The abundance of shale formations in the United States has completely changed our country’s domestic oil and gas production outlook over the past few years. Much of the nation’s untapped reserves can only be effectively produced using hydraulic fracturing or other unconventional completion methods. These techniques require massive volumes of water – on average, a typical frac uses 3 to 5 million gallons of water.
However, because the industry currently relies upon costly outside laboratories and complicated and error-prone field kits, it does not have an effective means to quickly, reliably, and accurately test hydrochemistry in the field. Therefore, operators and service companies are unable to accurately screen and compensate for numerous interferences from various contaminants in the water and the formation itself. Additionally, because of the large volumes of water being used and the need to reduce the use of fresh waters, the industry is under extreme pressure to reuse/recycle the water from frac-to‐frac. Today, companies need to make real time decisions, on site, about whether it is more cost‐effective to treat and reuse the water or dispose of it.
monitoring water quality during the Life Cycle of a well Reduces risk in the following applications:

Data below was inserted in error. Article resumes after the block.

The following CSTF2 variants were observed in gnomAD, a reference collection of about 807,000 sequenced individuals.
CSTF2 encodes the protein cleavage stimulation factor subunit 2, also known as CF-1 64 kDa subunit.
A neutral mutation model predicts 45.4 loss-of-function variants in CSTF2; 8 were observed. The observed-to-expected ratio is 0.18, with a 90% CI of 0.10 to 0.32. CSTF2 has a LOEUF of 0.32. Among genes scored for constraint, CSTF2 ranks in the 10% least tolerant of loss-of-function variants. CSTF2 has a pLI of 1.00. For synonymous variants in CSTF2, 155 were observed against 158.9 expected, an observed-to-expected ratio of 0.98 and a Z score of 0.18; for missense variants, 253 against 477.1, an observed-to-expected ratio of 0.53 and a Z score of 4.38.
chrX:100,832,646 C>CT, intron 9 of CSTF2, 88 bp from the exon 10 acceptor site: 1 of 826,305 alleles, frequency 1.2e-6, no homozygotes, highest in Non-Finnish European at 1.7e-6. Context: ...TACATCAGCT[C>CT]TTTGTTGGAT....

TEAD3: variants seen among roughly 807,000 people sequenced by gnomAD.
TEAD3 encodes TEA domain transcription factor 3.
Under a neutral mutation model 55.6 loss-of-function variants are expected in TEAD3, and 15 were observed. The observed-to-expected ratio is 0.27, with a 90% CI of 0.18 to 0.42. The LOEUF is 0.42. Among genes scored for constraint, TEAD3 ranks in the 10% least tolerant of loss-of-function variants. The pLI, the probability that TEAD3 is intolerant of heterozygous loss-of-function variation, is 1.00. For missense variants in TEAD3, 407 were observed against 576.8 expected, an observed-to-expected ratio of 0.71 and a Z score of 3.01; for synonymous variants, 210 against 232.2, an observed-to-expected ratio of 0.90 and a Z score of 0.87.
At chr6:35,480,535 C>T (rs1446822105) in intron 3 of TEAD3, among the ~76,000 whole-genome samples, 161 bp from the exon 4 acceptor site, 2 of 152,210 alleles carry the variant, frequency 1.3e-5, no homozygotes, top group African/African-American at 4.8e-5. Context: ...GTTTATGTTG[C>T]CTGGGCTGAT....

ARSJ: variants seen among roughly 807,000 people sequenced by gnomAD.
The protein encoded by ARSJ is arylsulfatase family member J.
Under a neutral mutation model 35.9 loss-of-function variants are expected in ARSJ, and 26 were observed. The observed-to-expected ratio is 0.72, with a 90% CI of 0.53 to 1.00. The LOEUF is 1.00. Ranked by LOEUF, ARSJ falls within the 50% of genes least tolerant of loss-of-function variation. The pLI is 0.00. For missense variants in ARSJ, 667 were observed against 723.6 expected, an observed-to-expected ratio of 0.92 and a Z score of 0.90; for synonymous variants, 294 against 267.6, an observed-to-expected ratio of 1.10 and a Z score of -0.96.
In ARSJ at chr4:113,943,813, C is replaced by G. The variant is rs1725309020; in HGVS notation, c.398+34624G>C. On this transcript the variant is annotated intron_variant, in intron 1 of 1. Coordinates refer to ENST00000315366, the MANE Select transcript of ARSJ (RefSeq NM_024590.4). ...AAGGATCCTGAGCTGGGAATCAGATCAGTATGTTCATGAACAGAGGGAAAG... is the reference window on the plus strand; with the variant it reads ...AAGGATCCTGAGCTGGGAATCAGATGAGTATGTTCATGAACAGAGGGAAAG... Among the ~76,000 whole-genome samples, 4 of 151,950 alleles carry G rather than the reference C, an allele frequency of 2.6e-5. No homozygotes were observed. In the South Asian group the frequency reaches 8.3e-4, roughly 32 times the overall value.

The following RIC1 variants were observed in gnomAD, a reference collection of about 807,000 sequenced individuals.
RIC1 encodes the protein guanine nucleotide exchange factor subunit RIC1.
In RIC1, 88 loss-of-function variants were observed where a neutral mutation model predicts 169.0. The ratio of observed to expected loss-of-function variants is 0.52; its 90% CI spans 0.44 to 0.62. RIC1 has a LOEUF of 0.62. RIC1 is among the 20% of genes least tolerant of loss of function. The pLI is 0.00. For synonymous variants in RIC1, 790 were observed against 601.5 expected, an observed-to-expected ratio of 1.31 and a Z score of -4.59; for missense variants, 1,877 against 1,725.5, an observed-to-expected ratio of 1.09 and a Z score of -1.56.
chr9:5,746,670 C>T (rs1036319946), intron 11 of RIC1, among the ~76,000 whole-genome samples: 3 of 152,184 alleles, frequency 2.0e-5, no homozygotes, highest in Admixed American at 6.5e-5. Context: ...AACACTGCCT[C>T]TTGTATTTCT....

- Water from different sources may introduce unfamiliar minerals, contaminants, and logistical issues.
- Improper cement setting times due to poor water quality
- Poor water quality can cause improper fluid viscosity
- Incompatible waters from multiple sources can cause irreparable damage to the formation
- Corrosive or scaling waters can cause damage to tubing and equipment
- Biocide effectiveness inhibited by poor water quality
- Sub-optimal production caused by scaling or corrosion
- Avoid wasting money on excessive production chemical treatments
- Avoid stressing local freshwater reserves by improving produced water recycling efficiency
- Reduce down time and steer clear of fines from government agencies by being proactive in your water testing program